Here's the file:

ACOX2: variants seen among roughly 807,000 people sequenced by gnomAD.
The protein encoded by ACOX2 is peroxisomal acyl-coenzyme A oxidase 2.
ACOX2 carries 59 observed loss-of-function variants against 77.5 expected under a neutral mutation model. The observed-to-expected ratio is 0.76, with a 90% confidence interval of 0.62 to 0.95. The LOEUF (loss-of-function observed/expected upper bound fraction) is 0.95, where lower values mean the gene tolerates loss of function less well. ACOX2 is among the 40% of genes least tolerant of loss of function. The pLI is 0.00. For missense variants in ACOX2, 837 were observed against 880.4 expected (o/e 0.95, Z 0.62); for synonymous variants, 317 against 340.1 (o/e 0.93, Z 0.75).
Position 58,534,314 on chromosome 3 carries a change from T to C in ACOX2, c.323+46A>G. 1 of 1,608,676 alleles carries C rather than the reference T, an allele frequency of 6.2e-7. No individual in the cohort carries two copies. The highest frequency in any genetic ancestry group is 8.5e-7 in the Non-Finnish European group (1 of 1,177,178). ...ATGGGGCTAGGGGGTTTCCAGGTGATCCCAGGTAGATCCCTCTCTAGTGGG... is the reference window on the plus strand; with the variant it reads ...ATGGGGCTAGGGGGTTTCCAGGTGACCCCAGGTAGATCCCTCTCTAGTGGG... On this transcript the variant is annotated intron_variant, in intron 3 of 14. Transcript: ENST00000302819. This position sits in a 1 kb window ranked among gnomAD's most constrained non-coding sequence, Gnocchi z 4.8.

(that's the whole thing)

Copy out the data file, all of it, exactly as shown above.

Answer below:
ACOX2: variants seen among roughly 807,000 people sequenced by gnomAD.
The protein encoded by ACOX2 is peroxisomal acyl-coenzyme A oxidase 2.
ACOX2 carries 59 observed loss-of-function variants against 77.5 expected under a neutral mutation model. The observed-to-expected ratio is 0.76, with a 90% confidence interval of 0.62 to 0.95. The LOEUF (loss-of-function observed/expected upper bound fraction) is 0.95, where lower values mean the gene tolerates loss of function less well. ACOX2 is among the 40% of genes least tolerant of loss of function. The pLI is 0.00. For missense variants in ACOX2, 837 were observed against 880.4 expected (o/e 0.95, Z 0.62); for synonymous variants, 317 against 340.1 (o/e 0.93, Z 0.75).
Position 58,534,314 on chromosome 3 carries a change from T to C in ACOX2, c.323+46A>G. 1 of 1,608,676 alleles carries C rather than the reference T, an allele frequency of 6.2e-7. No individual in the cohort carries two copies. The highest frequency in any genetic ancestry group is 8.5e-7 in the Non-Finnish European group (1 of 1,177,178). ...ATGGGGCTAGGGGGTTTCCAGGTGATCCCAGGTAGATCCCTCTCTAGTGGG... is the reference window on the plus strand; with the variant it reads ...ATGGGGCTAGGGGGTTTCCAGGTGACCCCAGGTAGATCCCTCTCTAGTGGG... On this transcript the variant is annotated intron_variant, in intron 3 of 14. Transcript: ENST00000302819. This position sits in a 1 kb window ranked among gnomAD's most constrained non-coding sequence, Gnocchi z 4.8.